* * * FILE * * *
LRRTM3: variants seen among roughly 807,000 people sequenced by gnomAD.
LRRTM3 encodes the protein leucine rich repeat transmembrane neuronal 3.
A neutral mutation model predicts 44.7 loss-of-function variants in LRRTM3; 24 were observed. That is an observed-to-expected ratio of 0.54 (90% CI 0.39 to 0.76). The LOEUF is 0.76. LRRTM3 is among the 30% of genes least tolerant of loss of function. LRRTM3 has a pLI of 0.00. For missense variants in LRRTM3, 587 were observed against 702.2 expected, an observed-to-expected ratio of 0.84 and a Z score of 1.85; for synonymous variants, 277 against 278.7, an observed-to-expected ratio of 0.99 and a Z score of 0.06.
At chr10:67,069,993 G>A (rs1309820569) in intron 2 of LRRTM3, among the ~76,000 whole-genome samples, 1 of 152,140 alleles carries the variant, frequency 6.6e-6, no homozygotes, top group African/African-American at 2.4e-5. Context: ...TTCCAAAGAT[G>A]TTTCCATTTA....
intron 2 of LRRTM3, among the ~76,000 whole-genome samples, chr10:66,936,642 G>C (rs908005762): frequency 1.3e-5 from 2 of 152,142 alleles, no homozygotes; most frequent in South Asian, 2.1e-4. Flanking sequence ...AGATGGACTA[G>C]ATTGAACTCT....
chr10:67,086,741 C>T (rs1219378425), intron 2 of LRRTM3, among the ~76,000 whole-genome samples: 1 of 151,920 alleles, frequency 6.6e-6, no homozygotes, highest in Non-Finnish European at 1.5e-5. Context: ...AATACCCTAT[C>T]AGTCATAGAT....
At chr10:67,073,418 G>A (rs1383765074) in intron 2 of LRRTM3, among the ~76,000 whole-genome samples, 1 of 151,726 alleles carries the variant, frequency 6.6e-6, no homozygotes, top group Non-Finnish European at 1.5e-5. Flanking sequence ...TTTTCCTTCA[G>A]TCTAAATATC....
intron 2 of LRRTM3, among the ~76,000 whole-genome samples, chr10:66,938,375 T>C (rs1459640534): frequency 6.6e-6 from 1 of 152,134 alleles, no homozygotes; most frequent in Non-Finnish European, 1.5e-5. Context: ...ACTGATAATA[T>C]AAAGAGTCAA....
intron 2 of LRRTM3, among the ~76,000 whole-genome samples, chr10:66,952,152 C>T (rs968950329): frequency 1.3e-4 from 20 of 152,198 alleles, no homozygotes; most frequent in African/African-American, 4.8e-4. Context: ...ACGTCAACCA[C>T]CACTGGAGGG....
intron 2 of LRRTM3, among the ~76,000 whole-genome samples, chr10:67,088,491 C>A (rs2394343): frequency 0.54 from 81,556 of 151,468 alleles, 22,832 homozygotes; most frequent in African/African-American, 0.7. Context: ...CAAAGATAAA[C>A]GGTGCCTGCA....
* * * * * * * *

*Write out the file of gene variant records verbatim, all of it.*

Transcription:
LRRTM3: variants seen among roughly 807,000 people sequenced by gnomAD.
LRRTM3 encodes the protein leucine rich repeat transmembrane neuronal 3.
A neutral mutation model predicts 44.7 loss-of-function variants in LRRTM3; 24 were observed. That is an observed-to-expected ratio of 0.54 (90% CI 0.39 to 0.76). The LOEUF is 0.76. LRRTM3 is among the 30% of genes least tolerant of loss of function. LRRTM3 has a pLI of 0.00. For missense variants in LRRTM3, 587 were observed against 702.2 expected, an observed-to-expected ratio of 0.84 and a Z score of 1.85; for synonymous variants, 277 against 278.7, an observed-to-expected ratio of 0.99 and a Z score of 0.06.
At chr10:67,069,993 G>A (rs1309820569) in intron 2 of LRRTM3, among the ~76,000 whole-genome samples, 1 of 152,140 alleles carries the variant, frequency 6.6e-6, no homozygotes, top group African/African-American at 2.4e-5. Context: ...TTCCAAAGAT[G>A]TTTCCATTTA....
intron 2 of LRRTM3, among the ~76,000 whole-genome samples, chr10:66,936,642 G>C (rs908005762): frequency 1.3e-5 from 2 of 152,142 alleles, no homozygotes; most frequent in South Asian, 2.1e-4. Flanking sequence ...AGATGGACTA[G>C]ATTGAACTCT....
chr10:67,086,741 C>T (rs1219378425), intron 2 of LRRTM3, among the ~76,000 whole-genome samples: 1 of 151,920 alleles, frequency 6.6e-6, no homozygotes, highest in Non-Finnish European at 1.5e-5. Context: ...AATACCCTAT[C>T]AGTCATAGAT....
At chr10:67,073,418 G>A (rs1383765074) in intron 2 of LRRTM3, among the ~76,000 whole-genome samples, 1 of 151,726 alleles carries the variant, frequency 6.6e-6, no homozygotes, top group Non-Finnish European at 1.5e-5. Flanking sequence ...TTTTCCTTCA[G>A]TCTAAATATC....
intron 2 of LRRTM3, among the ~76,000 whole-genome samples, chr10:66,938,375 T>C (rs1459640534): frequency 6.6e-6 from 1 of 152,134 alleles, no homozygotes; most frequent in Non-Finnish European, 1.5e-5. Context: ...ACTGATAATA[T>C]AAAGAGTCAA....
intron 2 of LRRTM3, among the ~76,000 whole-genome samples, chr10:66,952,152 C>T (rs968950329): frequency 1.3e-4 from 20 of 152,198 alleles, no homozygotes; most frequent in African/African-American, 4.8e-4. Context: ...ACGTCAACCA[C>T]CACTGGAGGG....
intron 2 of LRRTM3, among the ~76,000 whole-genome samples, chr10:67,088,491 C>A (rs2394343): frequency 0.54 from 81,556 of 151,468 alleles, 22,832 homozygotes; most frequent in African/African-American, 0.7. Context: ...CAAAGATAAA[C>A]GGTGCCTGCA....